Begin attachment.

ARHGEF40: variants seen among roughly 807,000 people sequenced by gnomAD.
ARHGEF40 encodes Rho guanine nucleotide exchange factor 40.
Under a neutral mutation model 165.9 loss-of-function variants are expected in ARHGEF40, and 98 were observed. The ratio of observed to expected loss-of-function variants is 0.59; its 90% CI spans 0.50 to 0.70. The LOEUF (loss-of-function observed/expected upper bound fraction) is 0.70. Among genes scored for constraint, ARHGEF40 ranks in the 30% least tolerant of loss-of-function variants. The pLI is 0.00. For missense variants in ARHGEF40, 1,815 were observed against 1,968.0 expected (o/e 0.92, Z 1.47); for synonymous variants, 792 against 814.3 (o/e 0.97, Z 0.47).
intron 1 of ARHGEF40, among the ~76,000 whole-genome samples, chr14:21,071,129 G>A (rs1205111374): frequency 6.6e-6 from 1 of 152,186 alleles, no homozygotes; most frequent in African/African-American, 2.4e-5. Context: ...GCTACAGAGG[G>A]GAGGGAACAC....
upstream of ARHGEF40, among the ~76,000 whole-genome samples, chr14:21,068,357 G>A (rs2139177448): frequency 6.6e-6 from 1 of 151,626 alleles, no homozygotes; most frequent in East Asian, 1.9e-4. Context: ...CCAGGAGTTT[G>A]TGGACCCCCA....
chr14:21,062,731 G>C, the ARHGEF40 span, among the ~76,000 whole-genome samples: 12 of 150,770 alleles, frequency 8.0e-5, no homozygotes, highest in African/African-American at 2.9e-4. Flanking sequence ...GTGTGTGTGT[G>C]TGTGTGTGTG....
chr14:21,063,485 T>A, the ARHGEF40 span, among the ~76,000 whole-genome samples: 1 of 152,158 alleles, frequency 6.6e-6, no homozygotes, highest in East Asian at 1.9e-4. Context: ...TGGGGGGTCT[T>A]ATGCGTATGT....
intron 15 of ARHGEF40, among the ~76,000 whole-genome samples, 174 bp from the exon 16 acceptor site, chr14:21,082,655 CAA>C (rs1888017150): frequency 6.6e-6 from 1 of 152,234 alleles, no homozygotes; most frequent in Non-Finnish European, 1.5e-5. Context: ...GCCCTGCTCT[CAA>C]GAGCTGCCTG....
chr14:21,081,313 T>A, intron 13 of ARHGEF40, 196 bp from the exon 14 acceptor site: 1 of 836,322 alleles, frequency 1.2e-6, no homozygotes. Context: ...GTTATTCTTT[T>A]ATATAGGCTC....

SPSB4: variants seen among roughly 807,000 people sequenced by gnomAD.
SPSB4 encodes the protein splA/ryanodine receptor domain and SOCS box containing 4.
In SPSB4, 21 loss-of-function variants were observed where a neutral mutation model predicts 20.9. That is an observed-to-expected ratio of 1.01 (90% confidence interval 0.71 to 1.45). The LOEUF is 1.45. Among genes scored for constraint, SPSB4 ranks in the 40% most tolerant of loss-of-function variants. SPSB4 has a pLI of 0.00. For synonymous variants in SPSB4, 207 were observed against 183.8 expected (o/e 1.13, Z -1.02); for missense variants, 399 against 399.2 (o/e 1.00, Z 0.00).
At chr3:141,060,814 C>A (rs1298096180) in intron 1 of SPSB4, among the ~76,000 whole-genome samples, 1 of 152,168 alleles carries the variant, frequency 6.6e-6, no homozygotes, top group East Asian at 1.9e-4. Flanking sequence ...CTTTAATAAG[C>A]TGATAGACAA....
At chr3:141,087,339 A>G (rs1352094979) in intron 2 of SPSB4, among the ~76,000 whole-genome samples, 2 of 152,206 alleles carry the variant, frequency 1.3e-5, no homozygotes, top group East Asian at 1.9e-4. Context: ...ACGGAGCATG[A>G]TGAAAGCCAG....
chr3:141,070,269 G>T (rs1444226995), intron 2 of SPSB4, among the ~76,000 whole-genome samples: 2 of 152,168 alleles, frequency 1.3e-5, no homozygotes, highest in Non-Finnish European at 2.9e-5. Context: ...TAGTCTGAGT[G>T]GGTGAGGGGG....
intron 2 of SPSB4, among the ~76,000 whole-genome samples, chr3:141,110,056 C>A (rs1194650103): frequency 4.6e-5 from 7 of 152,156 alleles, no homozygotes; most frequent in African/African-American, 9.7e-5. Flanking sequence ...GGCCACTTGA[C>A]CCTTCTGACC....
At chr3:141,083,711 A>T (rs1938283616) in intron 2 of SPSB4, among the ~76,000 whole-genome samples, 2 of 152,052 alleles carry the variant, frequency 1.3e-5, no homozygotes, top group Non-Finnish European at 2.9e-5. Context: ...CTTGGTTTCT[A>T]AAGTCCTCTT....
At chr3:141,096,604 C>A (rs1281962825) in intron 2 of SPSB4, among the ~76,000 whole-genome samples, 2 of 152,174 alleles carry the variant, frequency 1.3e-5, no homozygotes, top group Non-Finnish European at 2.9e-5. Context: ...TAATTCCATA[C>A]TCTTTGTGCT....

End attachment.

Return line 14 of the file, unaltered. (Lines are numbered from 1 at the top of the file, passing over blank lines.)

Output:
At chr3:141,087,339 A>G (rs1352094979) in intron 2 of SPSB4, among the ~76,000 whole-genome samples, 2 of 152,206 alleles carry the variant, frequency 1.3e-5, no homozygotes, top group East Asian at 1.9e-4. Context: ...ACGGAGCATG[A>G]TGAAAGCCAG....